Keratoconus is also associated with overexposure to ultraviolet rays from the sun, excessive eye rubbing and chronic eye irritation.

Treating Keratoconus

With the early stages of keratoconus, eyeglasses or soft contact lenses often provide adequate vision correction.  As the eye condition advances into more advanced stages, rigid, gas-permeable contact lenses (RGP lenses) may be used to restore clear vision.

There are also many types of contact lenses which have been engineered specifically for keratoconus. These types of lenses are typically a blend of both soft and hard contact lenses.

In 10% to 25% of people with this eye condition, keratoconus will advance to the point where corrective lenses (either eyeglasses or contact lenses) are no longer effective.  At this point, surgery becomes necessary.

There are a variety of surgical procedures to treat keratoconus including: placing corneal inserts just under the surface of the eye; procedures for strengthening the cornea; surgical techniques for re-shaping the cornea and; corneal transplants.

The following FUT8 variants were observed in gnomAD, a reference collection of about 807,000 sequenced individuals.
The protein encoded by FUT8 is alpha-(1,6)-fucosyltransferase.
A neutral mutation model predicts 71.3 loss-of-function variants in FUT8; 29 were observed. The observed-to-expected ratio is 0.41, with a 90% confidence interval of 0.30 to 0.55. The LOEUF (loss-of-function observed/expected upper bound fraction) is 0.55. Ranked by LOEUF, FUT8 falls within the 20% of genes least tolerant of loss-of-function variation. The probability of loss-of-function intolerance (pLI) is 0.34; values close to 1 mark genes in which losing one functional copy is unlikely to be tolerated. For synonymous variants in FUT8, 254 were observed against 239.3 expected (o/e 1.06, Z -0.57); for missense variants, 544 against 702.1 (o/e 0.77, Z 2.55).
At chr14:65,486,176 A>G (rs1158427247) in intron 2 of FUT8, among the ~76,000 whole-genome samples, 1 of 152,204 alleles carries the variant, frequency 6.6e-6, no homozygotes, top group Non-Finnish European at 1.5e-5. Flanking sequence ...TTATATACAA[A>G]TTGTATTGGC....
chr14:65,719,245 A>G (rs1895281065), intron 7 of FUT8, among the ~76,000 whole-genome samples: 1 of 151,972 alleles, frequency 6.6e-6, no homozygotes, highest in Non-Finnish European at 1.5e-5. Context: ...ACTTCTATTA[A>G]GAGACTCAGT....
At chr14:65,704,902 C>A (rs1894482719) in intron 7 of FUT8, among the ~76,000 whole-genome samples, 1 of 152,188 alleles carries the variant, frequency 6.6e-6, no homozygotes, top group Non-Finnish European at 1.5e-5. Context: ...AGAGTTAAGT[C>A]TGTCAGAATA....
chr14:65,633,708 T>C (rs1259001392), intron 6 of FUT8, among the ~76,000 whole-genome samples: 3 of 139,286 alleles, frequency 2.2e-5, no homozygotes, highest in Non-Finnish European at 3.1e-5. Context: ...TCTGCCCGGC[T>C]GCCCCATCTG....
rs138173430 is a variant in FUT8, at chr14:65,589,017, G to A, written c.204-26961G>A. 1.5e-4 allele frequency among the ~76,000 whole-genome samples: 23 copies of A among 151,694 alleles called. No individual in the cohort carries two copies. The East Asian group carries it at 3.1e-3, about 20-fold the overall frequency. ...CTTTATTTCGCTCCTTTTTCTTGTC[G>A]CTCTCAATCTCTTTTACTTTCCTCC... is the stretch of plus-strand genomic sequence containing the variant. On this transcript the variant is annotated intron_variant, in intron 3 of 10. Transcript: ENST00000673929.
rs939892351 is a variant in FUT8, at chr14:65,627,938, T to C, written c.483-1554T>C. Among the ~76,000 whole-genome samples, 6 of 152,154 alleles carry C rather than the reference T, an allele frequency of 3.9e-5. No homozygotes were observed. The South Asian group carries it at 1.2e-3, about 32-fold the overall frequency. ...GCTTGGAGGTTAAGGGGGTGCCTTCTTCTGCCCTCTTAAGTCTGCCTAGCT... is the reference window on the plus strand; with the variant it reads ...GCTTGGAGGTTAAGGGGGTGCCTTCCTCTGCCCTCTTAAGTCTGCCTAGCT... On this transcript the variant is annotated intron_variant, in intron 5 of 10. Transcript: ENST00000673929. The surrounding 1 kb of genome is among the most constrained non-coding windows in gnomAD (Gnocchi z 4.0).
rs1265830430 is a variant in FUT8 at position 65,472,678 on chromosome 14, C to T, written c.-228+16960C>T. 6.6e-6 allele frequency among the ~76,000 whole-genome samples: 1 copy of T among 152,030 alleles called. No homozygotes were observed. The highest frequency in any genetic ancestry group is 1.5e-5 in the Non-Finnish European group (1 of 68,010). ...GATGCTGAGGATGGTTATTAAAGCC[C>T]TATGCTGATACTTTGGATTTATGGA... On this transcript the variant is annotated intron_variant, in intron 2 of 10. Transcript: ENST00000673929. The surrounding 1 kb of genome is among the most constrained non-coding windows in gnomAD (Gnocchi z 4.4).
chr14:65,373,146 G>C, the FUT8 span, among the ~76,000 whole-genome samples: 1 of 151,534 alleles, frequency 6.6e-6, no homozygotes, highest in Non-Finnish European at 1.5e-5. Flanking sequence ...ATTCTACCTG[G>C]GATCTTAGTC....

Regular Eye Examinations and Advancements with Keratoconus

Eye examinations conducted on a regular basis are a very important part of maintaining optimal eye health and clear vision.  Diagnosing eye conditions like keratoconus early helps you and your eye doctor work together to develop the right treatment plan specifically for you and your needs.

Visiting your eye doctor regularly also provides you with access to the latest advancements in keratoconus research and treatment.  Much work is being done studying this eye condition. Many new tools and techniques are emerging to treat it.  Your eye doctor is a tremendous resource for gaining knowledge about these advancements and how they can help you.

Learn more about quality eye care and eye wear from a company and a team of eye care professionals who have been providing a superior level of service for more than 35 years. Please visit www.shawneeoptical.com.